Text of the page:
If I don’t focus, life can be a real pain in the ovaries.

Recently, I have started reading about Stoicism. I’m finding meditation is a little too cozy-blanket unless I’m going to be a monk, which is still an option on my table, but in the meantime, I need to strike a balance between the importance of breath and pushing through this shit.

You see, I’m venturing into The Hormone Years, as I’ve taken to calling them. Completely unmedicated and ready to party, that’s me. Apart from physically feeling a little sluggish every now and then, I have bouts of crazy mixed with often inappropriate tears.

Being all hot and borderline insane is challenging. At least that’s my truth until I focus. I take in Texas, Florida, Mexico and the memory of frantically turning on the news sixteen years ago today as thousands of Americans crumbled to their knees.

Suddenly, mood swings and extra perspiration are nothing. Bring in a little Marcus Aurelius, who was the shit by the way, to whisper in my ear, “confine yourself to the present,” and I’m practically a gladiator.

Stoicism was trending in the 3rd century. Yeah, it was a while ago, but some of the principles are a shining light forward for me.

One of the things it says is that life is full of obstacles. That there will never be a time when there are not things in our path, so we need to train and gear up. There is comfort in that philosophy. Sort of makes life a marathon or a long bike ride. It brings to mind that deep sweat and ache that only come from hard work.

It’s honest. Real in a way that tells me to do something and not to just have a positive attitude. The unicorns are not on their way to sprinkle easy-glitter all over life.

Stoics go on to say that after each obstacle we get stronger and are able to handle more. Kind of like starting out on a hill and advancing to a mountain range. Yes, I like this.

If we train and navigate hurdles from birth, that means we are impressive by the time we are midway. When we reach older, we are the opposite of weaker. We are veterans of battle. Skilled in maneuvering whatever the unpredictable world decides to stir up.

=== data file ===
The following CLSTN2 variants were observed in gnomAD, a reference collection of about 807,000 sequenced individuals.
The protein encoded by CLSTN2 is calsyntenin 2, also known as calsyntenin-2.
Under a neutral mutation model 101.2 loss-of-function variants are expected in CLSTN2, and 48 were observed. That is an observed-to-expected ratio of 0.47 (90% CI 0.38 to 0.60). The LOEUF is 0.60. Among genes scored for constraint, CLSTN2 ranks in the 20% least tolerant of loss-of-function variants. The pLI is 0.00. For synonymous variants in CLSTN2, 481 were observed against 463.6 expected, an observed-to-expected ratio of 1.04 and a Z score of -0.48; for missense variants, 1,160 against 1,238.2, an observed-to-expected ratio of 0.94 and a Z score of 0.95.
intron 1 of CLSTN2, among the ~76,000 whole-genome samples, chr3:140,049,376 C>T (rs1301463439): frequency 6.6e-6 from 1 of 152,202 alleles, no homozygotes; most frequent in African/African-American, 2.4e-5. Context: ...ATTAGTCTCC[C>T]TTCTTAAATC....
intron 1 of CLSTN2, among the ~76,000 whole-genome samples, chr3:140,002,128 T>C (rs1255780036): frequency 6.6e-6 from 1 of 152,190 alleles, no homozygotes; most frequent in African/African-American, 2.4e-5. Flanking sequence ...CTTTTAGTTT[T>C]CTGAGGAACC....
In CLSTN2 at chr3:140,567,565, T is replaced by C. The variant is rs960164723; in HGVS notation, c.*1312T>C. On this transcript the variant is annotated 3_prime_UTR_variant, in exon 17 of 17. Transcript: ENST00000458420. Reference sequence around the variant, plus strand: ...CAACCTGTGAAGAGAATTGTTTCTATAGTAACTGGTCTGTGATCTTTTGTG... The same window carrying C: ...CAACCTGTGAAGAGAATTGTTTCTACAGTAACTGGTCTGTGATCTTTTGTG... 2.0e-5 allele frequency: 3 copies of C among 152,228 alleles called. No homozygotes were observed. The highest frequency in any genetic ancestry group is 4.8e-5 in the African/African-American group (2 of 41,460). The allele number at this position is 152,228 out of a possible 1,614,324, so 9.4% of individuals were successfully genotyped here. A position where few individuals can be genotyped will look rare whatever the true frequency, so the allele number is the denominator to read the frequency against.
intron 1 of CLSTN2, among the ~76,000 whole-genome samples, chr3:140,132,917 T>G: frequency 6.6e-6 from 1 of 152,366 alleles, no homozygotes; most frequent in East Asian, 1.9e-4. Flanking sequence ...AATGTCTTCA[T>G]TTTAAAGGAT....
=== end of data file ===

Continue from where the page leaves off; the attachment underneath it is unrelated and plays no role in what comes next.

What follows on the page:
It’s a very “bring it on” philosophy.

Some have been put in an accelerated training program called tragedy. Others wade through more than they ever imagined possible, and still manage to hold hands and keep working.

For thousands of years, we push on, and when the waters rise, we lift our chins. We are not promised easy, according to The Stoics. It is our job to get better and be ready. We are warriors.

With this in mind, I’m finding it difficult to fret about mood swings or kale. That stuff seems like child’s play for a battle-trained woman such as myself. I don’t have time for what amounts to a handful of inconveniences.

There is more up ahead, it’s part of living. And despite the pain, through the tears, we get stronger every time we stumble and even when we fall.

My thoughts from the laundry room. Firm Mattress.


acceptance America choices coping courage learning life older pain people Sept 11th thoughts

8 Comments Leave a comment

  1. I like this idea. That life’s bad things don’t break us down, but make us stronger. Although sometimes it is obvously too overwhelming for us to handle, we do become better equipped to deal with it. I’ve been struggling with depression since I was ten and anxiety for pretty much most of my life. Most of the time I’m good at handling it. We develop thicker skins, we grow stronger, we form coping mechanisms. Sometimes those mechanisms aren’t exactly healthy, and that’s why we need to work on them when we can, but in general; I wouldn’t give up my struggle with my mental health. I’ve recently given in and accepted medication, but I need to stop telling myself that it was ‘giving in’. I found the strength to look after myself better. If I hadn’t gone through those struggles I would for sure not be the empathetic person that I am today. I have pride in that. It sounds like I’m blowing my own trumpet, and that I’m full of myself, but I’m unutterably proud that the world, and my struggles have not made me hard. I have stayed soft, and that takes a lot of hard work.
    Thank you for your words x

  2. I have read about menopause being easier if you have had battles. Dealt with big things – physical, emotional and mental? You should find these hormone years quite ok 🙂

  3. Man. Can I at least still wish for the unicorns? 🙂 You’re not alone. I’ve been a very sane woman for much of my life–and yet, I’m right there with you. Hormones LOVE to throw their weight around, the bullies.

    • This comment made me laugh. I usually end my posts with a reference to bedtime. Often it’s something like “sleep in” or “early riser.” Firm mattress was an odd one, but odd tends to be my game. Thanks for reading. 🙂

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